Hollow Triumph

Hollow Triumph


Reviewed by: Val Kermode

Like many a film noir of its time, Hollow Triumph's plot is quite predictable, but the joy is in seeing how it all unfolds. Director Steve Sekely gets the style just right, and noir fans won’t be disappointed.

Paul Henreid (Casablanca, Now Voyager) plays the lead as arrogant John Muller, practised criminal and fraudster. Released from jail, where he has been serving time for selling non-existent oil shares, he is soon back with old pal Marcy (Herbert Rudley) and other associates planning a robbery. The others are reluctant, as this involves stealing from gambling boss Rocky Stansyck who is known for his persistence in hunting down those who cross him. When the job goes ahead, nothing goes quite as planned, and Johnny and Marcy are the only ones to escape.

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Marcy is scared and runs off to Mexico, leaving Johnny to take a mundane office job as cover. In a visit from his brother he learns that he is still in danger, and his brother makes a fine little speech emphasising the obvious: “You never followed the rules. For you there were no rules. You were special... We know sooner or later it always catches up with us.” We certainly do. We expect nothing less.

In a chance encounter Johnny learns he has a double, one Dr Bartok - a psychoanalyst. But Bartok has a scar. From this point on we know that there will be duplicity, minor surgery, romance and an ironic twist of fate.

The romance comes in the form of Evelyn, Bartok’s secretary, very well played by Joan Bennett. Johnny has to charm her before pretending to leave her. There is the possibility that she is playing a wicked game - or she could turn out to be a decent human being? Apart from that, what can go wrong? Well, one thing goes very wrong and no one notices, the message being that we are all too egotistical to really take notice of other people. We see what we expect to see, and a confident character can easily allay suspicion.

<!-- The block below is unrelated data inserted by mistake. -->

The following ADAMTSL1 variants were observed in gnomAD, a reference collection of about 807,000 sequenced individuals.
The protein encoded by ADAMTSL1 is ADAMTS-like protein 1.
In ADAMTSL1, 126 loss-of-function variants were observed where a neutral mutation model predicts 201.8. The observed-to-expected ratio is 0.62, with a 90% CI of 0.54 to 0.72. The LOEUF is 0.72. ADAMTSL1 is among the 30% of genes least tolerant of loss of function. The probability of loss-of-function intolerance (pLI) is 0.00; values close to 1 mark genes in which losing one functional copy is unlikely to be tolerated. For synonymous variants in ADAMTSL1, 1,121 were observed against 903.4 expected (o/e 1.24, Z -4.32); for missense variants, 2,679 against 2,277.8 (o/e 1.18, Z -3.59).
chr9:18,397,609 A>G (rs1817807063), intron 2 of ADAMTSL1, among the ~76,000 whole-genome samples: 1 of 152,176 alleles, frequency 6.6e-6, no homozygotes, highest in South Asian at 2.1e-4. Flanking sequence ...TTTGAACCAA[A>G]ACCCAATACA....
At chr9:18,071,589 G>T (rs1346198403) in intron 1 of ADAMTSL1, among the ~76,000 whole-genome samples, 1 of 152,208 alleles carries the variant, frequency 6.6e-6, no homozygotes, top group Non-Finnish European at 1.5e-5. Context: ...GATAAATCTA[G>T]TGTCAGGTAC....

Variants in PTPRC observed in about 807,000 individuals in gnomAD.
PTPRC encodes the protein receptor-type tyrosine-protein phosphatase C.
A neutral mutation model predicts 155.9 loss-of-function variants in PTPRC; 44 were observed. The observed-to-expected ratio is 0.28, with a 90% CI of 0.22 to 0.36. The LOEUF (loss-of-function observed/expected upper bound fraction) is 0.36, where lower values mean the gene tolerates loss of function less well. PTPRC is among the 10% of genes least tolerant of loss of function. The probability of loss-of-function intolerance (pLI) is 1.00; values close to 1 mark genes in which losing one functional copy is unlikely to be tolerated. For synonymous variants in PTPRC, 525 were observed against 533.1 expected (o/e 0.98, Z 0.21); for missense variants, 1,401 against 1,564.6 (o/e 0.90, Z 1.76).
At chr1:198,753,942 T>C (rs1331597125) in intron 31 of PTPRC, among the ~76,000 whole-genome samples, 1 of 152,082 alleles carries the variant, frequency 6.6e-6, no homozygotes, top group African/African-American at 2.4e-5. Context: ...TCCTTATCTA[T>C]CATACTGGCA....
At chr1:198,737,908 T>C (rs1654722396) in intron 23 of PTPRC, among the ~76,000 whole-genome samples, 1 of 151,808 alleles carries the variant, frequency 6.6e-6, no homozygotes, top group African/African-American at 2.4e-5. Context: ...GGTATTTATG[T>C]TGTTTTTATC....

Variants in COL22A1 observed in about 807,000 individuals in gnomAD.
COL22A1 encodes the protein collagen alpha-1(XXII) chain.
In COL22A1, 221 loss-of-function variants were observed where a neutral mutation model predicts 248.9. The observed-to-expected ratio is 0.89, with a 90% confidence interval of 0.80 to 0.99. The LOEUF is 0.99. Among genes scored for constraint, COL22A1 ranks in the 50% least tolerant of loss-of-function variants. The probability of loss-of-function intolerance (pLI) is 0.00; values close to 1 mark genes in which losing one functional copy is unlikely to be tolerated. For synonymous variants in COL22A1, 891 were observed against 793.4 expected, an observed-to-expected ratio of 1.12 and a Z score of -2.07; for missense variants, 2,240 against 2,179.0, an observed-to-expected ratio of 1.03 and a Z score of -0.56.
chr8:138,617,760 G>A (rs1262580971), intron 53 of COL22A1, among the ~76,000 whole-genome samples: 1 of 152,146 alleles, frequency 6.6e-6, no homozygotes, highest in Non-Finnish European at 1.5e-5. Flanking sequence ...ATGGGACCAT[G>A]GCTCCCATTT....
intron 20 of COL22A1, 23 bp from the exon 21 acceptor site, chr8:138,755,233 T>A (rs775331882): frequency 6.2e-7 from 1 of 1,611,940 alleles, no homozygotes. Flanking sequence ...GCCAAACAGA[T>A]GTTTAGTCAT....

Like most films noirs, this is very moralistic. The survivors are generally ordinary, decent people. Set yourself up too high and you will fall. So don’t think you’re someone special, don’t expect more than your fair share. (Don’t let’s ask for the stars…) There was also a fascination at the time with psychology. This film begins with a “mental report” on John, the prisoner. Among other things, he is said to have been practising psychoanalysis without a licence, something which must really have played on the fears of the time. The analyst’s job here is portrayed as a rather fine opportunity to stand around smoking while patients talk from the couch.

Smoking, that other essential of the genre, is used to good effect. Strangely, in an early scene Johnny refuses a cigarette saying: “You know I don’t smoke.” What? How is this going to work? But he proceeds to chain smoke his way through the rest of the film, even during surgery, when a slowly burning cigarette neatly shows the passage of time.

The film is well shot, with the low camera angles and shadows on the ceiling we have come to expect. There are one or two cliches, such as a speeding train, which is really quite irrelevant except to add excitement as a crime is committed. The background music is dramatic, though rather shakily edited, perhaps an element that could have done with more attention.

The final irony comes as no surprise and the film ends just as you expected. But this is not a bad thing. Indeed, it’s very satisfying.

Reviewed on: 18 May 2009
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A criminal tries to adopt the identity of a doctor who looks just like him.
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Director: Steve Sekely

Writer: Murray Forbes, Daniel Fuchs

Starring: Paul Henreid, Joan Bennett, Eduard Franz, Leslie Brooks, John Qualen, Mabel Paige, Herbert Rudley, Charles Arnt, George Chandler, Sid Tomack, Alvin Hammer, Ann Staunton, Paul E. Burns, Charles Trowbridge, Morgan Farley

Year: 1948

Runtime: 83 minutes

BBFC: PG - Parental Guidance

Country: US


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